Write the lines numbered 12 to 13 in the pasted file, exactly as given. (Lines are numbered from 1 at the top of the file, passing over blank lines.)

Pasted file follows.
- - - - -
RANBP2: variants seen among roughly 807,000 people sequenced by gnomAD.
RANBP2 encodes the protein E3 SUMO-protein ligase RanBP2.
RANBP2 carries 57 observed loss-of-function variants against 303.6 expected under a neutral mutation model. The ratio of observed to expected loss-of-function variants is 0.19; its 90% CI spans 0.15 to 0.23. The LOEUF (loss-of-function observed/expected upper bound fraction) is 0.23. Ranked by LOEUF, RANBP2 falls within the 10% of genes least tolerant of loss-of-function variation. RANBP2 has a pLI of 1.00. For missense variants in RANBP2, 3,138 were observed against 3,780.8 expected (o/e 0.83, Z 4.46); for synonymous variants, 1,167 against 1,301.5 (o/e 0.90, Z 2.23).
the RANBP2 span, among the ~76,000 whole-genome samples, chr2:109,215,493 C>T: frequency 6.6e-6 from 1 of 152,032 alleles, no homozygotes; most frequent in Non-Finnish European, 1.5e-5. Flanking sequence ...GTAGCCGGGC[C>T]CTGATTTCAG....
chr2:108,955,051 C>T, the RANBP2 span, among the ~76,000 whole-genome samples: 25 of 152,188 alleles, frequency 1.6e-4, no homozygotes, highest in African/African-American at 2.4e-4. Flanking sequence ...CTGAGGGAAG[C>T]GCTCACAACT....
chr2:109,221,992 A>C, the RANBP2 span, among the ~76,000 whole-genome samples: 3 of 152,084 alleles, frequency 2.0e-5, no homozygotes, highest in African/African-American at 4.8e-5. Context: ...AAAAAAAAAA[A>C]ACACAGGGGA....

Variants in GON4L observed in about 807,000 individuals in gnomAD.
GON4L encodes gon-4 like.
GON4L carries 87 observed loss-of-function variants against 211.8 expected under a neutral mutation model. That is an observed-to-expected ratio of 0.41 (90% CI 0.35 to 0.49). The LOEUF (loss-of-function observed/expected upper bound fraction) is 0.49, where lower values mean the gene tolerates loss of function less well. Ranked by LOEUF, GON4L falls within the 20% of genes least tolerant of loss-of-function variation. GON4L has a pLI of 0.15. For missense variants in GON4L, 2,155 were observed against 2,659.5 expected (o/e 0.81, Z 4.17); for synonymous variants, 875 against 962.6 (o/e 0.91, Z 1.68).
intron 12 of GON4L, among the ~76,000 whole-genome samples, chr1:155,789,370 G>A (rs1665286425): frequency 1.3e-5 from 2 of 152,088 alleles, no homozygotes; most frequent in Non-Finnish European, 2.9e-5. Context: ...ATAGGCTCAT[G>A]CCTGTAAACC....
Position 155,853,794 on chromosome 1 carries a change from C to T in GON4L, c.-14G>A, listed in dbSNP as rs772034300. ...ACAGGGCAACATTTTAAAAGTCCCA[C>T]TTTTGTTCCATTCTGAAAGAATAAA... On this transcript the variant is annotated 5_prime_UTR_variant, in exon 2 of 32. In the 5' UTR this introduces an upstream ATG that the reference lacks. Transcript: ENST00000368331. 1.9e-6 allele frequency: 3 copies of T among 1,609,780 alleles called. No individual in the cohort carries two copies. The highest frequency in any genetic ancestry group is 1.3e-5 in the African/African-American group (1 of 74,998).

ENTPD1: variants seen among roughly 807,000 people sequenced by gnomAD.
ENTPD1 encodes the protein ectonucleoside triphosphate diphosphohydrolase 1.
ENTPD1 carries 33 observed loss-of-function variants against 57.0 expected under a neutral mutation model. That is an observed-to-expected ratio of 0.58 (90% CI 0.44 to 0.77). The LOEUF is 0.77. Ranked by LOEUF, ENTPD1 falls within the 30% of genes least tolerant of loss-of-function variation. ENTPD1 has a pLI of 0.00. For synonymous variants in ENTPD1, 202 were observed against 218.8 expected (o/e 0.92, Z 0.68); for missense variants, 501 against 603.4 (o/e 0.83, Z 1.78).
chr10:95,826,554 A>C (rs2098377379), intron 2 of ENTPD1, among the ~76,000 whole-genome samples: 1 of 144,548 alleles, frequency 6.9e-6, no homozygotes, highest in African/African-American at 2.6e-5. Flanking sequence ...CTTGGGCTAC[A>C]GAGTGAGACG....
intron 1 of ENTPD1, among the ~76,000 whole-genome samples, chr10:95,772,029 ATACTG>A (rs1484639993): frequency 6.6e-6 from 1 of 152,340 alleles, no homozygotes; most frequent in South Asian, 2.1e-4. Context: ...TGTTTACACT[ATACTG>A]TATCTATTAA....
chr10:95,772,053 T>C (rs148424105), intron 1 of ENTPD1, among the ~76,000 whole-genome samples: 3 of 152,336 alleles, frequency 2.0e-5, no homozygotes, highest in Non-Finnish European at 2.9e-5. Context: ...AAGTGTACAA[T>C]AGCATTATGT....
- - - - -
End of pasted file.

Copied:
ENTPD1: variants seen among roughly 807,000 people sequenced by gnomAD.
ENTPD1 encodes the protein ectonucleoside triphosphate diphosphohydrolase 1.